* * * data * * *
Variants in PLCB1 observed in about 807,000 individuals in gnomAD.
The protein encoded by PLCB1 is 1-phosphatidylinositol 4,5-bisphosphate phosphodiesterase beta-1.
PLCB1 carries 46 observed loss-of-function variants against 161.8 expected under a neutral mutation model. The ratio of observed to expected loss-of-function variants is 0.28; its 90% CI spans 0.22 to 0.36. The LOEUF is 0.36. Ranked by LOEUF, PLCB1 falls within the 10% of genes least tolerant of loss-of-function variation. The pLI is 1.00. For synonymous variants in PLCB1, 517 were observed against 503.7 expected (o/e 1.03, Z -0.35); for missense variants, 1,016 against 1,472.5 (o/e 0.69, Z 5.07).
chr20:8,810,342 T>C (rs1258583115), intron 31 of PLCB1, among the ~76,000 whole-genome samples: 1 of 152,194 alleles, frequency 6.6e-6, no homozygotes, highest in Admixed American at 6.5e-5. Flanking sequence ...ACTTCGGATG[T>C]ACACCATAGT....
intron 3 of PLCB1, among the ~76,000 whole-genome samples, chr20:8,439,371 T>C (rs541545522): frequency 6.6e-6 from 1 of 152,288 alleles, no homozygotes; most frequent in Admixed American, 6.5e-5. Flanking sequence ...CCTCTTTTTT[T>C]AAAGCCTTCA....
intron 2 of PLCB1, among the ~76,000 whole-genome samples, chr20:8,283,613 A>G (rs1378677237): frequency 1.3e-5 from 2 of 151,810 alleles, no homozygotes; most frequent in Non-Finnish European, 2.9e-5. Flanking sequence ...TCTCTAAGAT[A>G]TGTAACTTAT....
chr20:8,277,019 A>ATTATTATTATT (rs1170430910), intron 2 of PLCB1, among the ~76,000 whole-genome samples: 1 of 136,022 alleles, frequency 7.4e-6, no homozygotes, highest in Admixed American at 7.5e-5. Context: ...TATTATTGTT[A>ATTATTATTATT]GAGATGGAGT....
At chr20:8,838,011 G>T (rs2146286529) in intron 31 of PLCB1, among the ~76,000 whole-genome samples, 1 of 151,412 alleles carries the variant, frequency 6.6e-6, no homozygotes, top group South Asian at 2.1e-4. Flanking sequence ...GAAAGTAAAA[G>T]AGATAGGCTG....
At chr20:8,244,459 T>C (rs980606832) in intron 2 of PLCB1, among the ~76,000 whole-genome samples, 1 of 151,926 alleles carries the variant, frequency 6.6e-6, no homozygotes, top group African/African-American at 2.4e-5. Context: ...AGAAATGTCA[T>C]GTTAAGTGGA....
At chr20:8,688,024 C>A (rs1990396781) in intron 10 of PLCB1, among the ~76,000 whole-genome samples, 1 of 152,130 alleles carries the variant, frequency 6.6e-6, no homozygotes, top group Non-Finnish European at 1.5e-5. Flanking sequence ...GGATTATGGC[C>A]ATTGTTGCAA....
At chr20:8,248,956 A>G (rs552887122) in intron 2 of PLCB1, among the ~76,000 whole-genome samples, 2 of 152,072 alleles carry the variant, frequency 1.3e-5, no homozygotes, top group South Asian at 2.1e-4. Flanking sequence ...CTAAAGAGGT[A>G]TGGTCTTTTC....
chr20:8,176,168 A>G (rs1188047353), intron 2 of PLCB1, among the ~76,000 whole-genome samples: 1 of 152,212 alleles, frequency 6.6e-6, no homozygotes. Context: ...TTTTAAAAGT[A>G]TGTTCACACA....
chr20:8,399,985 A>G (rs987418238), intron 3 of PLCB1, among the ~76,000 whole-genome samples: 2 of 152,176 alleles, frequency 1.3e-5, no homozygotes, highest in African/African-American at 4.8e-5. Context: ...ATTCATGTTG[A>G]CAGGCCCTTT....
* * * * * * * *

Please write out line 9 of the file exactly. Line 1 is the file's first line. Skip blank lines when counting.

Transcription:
At chr20:8,244,459 T>C (rs980606832) in intron 2 of PLCB1, among the ~76,000 whole-genome samples, 1 of 151,926 alleles carries the variant, frequency 6.6e-6, no homozygotes, top group African/African-American at 2.4e-5. Context: ...AGAAATGTCA[T>C]GTTAAGTGGA....